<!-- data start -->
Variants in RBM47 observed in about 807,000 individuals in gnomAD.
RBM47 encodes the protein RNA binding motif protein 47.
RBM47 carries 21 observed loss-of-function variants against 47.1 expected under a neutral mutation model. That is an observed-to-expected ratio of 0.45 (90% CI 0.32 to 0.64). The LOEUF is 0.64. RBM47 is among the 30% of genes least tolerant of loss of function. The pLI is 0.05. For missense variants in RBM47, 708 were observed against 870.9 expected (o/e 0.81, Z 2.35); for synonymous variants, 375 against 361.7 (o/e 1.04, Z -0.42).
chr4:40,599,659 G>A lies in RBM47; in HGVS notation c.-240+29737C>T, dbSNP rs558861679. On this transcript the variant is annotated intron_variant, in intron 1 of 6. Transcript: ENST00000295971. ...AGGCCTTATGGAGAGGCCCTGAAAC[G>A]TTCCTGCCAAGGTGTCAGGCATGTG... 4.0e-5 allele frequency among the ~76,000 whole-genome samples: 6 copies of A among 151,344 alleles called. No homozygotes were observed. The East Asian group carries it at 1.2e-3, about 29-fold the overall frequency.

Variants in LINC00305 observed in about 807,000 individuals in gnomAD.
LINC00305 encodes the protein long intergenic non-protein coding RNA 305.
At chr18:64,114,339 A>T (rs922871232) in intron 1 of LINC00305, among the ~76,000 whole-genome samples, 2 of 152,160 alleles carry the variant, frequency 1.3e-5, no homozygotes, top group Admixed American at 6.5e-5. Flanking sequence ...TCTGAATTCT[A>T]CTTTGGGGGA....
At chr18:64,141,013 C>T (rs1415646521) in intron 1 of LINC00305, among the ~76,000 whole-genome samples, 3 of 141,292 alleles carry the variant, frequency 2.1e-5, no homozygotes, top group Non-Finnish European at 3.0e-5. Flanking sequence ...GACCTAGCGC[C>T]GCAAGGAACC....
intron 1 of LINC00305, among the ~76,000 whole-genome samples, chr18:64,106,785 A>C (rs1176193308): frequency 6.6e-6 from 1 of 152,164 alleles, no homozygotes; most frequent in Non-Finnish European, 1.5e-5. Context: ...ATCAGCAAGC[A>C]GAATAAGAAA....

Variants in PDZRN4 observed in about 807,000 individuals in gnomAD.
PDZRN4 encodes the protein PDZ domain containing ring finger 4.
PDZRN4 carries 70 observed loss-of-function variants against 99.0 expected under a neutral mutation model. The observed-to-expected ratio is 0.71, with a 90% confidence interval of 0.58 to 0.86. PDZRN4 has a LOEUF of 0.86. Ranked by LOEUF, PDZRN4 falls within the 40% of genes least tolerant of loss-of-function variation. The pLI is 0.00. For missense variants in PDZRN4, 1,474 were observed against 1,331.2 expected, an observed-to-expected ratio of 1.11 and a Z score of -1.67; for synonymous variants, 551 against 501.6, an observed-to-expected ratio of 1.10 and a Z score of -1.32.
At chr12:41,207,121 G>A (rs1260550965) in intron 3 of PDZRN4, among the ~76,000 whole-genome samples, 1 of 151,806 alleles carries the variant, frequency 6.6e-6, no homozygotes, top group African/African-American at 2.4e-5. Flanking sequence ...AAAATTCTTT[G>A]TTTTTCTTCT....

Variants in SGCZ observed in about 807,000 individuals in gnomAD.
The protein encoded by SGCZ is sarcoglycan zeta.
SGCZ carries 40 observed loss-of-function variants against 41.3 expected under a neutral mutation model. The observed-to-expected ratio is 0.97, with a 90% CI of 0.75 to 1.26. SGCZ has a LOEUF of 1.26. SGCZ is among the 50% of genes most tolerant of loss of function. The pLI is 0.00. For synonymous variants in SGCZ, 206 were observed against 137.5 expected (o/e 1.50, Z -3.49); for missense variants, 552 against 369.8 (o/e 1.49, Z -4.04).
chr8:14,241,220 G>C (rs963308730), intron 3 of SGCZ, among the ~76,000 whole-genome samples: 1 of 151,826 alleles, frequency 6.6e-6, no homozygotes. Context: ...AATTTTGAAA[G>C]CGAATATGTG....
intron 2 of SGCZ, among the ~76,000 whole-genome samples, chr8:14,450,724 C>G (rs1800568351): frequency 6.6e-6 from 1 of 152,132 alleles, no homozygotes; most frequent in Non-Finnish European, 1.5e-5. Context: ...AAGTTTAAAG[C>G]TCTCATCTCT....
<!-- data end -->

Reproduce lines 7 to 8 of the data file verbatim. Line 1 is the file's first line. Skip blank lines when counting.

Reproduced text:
At chr18:64,114,339 A>T (rs922871232) in intron 1 of LINC00305, among the ~76,000 whole-genome samples, 2 of 152,160 alleles carry the variant, frequency 1.3e-5, no homozygotes, top group Admixed American at 6.5e-5. Flanking sequence ...TCTGAATTCT[A>T]CTTTGGGGGA....
At chr18:64,141,013 C>T (rs1415646521) in intron 1 of LINC00305, among the ~76,000 whole-genome samples, 3 of 141,292 alleles carry the variant, frequency 2.1e-5, no homozygotes, top group Non-Finnish European at 3.0e-5. Flanking sequence ...GACCTAGCGC[C>T]GCAAGGAACC....